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When a dog is unhealthy, the skin and hair are often the first to suffer. The reasons are manifold. First, the skin and coat organs are large, and require large amounts of nutrients to maintain them. Secondly, when a dog is sick, the body thinks to protect the vital organs, the brain and heart, first. So the body will 'steal' nutrients from other organs that are considered less important, in this case, the skin and coat.
When a dog is unhealthy in any way or undergoing a micronutrient deficiency, this can manifest in skin and coat problems. One of those problems is a coat that is overly dry or dull. Instead of looking shiny and feeling soft, the hair will feel rougher and more brittle. In dogs that have darker coats, you may actually notice a colour change, for example, from shiny black to a dull grey.
Sometimes, a dull coat can be remedied with simple grooming. A dog that is shedding an undercoat may have dull, dry hair that simply needs to be removed with a series of grooming sessions. Sometimes, a dull coat is due to underlying hormonal imbalances, such as excessive cortisol levels seen with Cushing's syndrome, abnormal thyroid levels, or diabetes. Your veterinarian will be able to run blood tests that will determine if your dog has any of these conditions.
A dull, dry coat can often be due to micronutrient deficiencies. It is well established that conventional dog foods are lacking in skin-nourishing omega-3 fatty acids. Omega-3 fatty acids aid skin and coat health by improving the framework upon which skin cells are built and organised. Studies have shown that dog skin that is lacking in omega-3 fatty acids is disorganised, allowing harmful irritants and infections to slip through and cause damage. Dogs that are supplemented with omega-3 fatty acids show better organised skin cells that present better barrier and protection. As a result, a healthy dog with a dull coat may benefit from omega-3 fatty acid supplementation from a high quality fish or flaxseed oil.
Your dog's coat can also benefit from vitamin E and zinc supplementation, as these vitamins are known to increase the bioavailability of omega-3 fatty acids. Vitamins C and B (pyridoxine, B12, biotin, riboflavin, d-pantothenic acid, and thiamine) function as protective antioxidants, working against skin-damaging free radicals, and are also known to work in conjunction with each other to improve collagen and skin immune function. While dogs aren't concerned with wrinkles or anti-aging like humans, promoting skin health with biologically appropriate supplements helps to improve overall health and well-being, and aids in longevity.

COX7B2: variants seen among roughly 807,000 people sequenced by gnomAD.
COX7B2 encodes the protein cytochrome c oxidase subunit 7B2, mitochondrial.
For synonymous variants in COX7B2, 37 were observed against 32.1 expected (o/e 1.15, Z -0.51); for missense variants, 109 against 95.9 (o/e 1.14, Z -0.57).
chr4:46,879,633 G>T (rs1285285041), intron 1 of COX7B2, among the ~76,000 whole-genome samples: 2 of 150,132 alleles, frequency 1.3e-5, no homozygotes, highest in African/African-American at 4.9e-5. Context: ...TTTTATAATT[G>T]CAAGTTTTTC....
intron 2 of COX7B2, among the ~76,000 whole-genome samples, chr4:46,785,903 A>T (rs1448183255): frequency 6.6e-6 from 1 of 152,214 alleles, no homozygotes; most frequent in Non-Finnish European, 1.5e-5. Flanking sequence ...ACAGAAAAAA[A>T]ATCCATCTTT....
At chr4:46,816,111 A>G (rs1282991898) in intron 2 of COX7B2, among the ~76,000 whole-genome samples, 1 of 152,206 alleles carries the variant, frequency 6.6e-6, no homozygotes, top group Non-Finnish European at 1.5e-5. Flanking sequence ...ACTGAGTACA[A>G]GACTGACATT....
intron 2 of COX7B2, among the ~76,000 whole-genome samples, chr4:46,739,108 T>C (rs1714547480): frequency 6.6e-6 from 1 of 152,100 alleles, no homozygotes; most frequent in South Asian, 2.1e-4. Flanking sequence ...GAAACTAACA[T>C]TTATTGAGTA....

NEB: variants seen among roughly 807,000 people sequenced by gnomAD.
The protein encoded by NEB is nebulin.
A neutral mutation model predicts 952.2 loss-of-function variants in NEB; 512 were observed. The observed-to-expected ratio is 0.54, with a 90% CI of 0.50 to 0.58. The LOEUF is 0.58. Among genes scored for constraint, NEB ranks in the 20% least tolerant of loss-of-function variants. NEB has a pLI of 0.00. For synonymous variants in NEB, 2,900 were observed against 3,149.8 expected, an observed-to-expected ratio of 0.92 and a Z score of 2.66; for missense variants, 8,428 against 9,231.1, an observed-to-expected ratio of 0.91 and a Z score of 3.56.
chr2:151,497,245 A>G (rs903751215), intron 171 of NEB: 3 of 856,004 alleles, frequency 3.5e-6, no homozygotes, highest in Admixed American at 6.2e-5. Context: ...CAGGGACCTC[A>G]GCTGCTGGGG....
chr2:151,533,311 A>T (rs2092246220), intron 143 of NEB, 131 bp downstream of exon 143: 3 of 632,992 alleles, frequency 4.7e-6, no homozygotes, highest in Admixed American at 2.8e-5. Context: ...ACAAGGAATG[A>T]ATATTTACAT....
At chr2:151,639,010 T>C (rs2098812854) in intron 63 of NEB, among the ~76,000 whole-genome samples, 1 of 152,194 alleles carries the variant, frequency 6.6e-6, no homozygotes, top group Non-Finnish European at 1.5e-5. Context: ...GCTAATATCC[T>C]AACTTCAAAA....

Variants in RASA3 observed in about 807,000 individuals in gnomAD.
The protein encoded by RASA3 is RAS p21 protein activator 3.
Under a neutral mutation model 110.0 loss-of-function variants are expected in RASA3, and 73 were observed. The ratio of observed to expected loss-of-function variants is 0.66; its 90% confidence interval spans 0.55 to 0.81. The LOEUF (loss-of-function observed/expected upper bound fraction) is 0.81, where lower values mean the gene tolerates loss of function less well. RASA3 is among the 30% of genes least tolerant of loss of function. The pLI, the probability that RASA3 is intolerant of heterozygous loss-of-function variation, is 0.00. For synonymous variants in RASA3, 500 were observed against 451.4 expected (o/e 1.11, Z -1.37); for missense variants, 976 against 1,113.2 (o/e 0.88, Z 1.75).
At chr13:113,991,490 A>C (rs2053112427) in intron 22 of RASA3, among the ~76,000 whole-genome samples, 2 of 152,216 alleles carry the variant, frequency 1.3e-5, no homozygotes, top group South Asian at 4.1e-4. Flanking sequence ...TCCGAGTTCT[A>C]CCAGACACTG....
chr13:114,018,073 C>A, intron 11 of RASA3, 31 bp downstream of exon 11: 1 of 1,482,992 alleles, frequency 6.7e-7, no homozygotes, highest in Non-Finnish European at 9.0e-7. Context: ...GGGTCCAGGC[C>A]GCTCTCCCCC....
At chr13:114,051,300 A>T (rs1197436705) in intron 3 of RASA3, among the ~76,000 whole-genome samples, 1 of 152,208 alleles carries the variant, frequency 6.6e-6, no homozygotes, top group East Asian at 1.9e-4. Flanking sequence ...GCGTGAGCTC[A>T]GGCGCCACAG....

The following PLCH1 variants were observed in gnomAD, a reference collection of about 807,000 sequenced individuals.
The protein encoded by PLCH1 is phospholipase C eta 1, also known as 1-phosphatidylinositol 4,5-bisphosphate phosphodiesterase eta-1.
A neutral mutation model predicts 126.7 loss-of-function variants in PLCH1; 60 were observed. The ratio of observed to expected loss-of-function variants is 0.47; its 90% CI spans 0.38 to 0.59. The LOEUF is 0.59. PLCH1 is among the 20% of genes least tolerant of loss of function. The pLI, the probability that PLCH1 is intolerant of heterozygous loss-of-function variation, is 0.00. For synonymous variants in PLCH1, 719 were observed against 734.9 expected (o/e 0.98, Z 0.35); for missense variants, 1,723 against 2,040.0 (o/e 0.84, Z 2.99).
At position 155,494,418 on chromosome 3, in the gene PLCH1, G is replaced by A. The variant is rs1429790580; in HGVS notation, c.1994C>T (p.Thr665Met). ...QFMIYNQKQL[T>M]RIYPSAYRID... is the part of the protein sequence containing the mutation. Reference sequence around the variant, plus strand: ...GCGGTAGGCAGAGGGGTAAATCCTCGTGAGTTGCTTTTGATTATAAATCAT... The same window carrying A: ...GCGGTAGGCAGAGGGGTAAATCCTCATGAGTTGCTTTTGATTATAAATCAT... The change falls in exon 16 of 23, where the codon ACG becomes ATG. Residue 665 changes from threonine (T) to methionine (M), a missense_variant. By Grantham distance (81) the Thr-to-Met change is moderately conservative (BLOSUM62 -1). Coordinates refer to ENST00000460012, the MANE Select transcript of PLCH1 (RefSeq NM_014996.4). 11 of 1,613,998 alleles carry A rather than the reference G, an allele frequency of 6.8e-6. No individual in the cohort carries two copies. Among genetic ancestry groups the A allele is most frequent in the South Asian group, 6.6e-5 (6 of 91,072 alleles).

If pet owners are considering giving their dog a supplement for skin and coat health, first schedule a veterinary visit to ensure there are no underlying conditions that are contributing to a dull coat. If everything checks out normal, it's time to start a supplement. Be patient when looking for results as hair grows in three phases: anagen, telogen, and catagen. Every strand of hair on your dog's body is in its own phase of development, and regrowth or improvement of the coat depends partially on these phases.
Improvement in dull hair is also dependent on how bad a deficiency your dog has in certain nutrients. As previously described, the body will utilise the nutrients for the vital organs first. Once those deficiencies are met, then the body will mete out nutrients to other organs, including skin and coat. Dog owners are often advised to give the skin and coat supplement 6-8 weeks to build up to appropriate levels in the system, before making a decision on whether the supplement is improving a dull coat.
No skin supplement will ever substitute for a complete and well balanced diet. To ensure the best health of your dog, feed your dog a diet that is balanced and complete with all required nutrients, and make sure the label says, 'complete feed' in regards to EU labelling. If you are cooking for your dog or feeding a raw diet however, check with your veterinarian to ensure that your dog is getting the right levels of minerals, vitamins, and amino acids.
Sarah Wooten DVM is a small animal veterinarian and certified veterinary journalist. She is a 2002 graduate of the prestigious School of Veterinary Medicine at the University of California in Davis.
Find out more about Dr Sarah Wooten.
Healthspan pet supplements are not intended to replace a well-balanced diet for your pet.